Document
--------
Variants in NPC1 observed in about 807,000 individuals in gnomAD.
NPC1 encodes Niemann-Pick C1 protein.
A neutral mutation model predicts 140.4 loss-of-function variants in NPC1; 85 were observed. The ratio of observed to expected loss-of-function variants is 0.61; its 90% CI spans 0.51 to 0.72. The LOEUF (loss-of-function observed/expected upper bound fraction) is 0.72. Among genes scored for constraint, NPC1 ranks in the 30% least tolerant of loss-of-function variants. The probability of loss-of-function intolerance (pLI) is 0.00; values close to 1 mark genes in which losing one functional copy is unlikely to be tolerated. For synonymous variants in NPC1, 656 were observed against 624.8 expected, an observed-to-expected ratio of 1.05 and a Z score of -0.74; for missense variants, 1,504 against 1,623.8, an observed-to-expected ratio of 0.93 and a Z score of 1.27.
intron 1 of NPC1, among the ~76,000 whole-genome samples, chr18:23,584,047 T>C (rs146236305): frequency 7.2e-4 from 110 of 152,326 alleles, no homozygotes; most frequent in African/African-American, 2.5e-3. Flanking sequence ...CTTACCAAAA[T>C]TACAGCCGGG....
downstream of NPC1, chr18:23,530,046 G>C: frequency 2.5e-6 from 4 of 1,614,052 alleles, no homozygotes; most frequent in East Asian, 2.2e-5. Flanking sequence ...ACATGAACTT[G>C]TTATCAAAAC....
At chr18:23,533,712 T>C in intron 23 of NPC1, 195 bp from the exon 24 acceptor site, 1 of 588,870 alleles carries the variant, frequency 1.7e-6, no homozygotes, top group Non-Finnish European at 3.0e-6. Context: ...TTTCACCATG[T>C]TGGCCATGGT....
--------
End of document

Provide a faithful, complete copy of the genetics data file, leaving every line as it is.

Variants in NPC1 observed in about 807,000 individuals in gnomAD.
NPC1 encodes Niemann-Pick C1 protein.
A neutral mutation model predicts 140.4 loss-of-function variants in NPC1; 85 were observed. The ratio of observed to expected loss-of-function variants is 0.61; its 90% CI spans 0.51 to 0.72. The LOEUF (loss-of-function observed/expected upper bound fraction) is 0.72. Among genes scored for constraint, NPC1 ranks in the 30% least tolerant of loss-of-function variants. The probability of loss-of-function intolerance (pLI) is 0.00; values close to 1 mark genes in which losing one functional copy is unlikely to be tolerated. For synonymous variants in NPC1, 656 were observed against 624.8 expected, an observed-to-expected ratio of 1.05 and a Z score of -0.74; for missense variants, 1,504 against 1,623.8, an observed-to-expected ratio of 0.93 and a Z score of 1.27.
intron 1 of NPC1, among the ~76,000 whole-genome samples, chr18:23,584,047 T>C (rs146236305): frequency 7.2e-4 from 110 of 152,326 alleles, no homozygotes; most frequent in African/African-American, 2.5e-3. Flanking sequence ...CTTACCAAAA[T>C]TACAGCCGGG....
downstream of NPC1, chr18:23,530,046 G>C: frequency 2.5e-6 from 4 of 1,614,052 alleles, no homozygotes; most frequent in East Asian, 2.2e-5. Flanking sequence ...ACATGAACTT[G>C]TTATCAAAAC....
At chr18:23,533,712 T>C in intron 23 of NPC1, 195 bp from the exon 24 acceptor site, 1 of 588,870 alleles carries the variant, frequency 1.7e-6, no homozygotes, top group Non-Finnish European at 3.0e-6. Context: ...TTTCACCATG[T>C]TGGCCATGGT....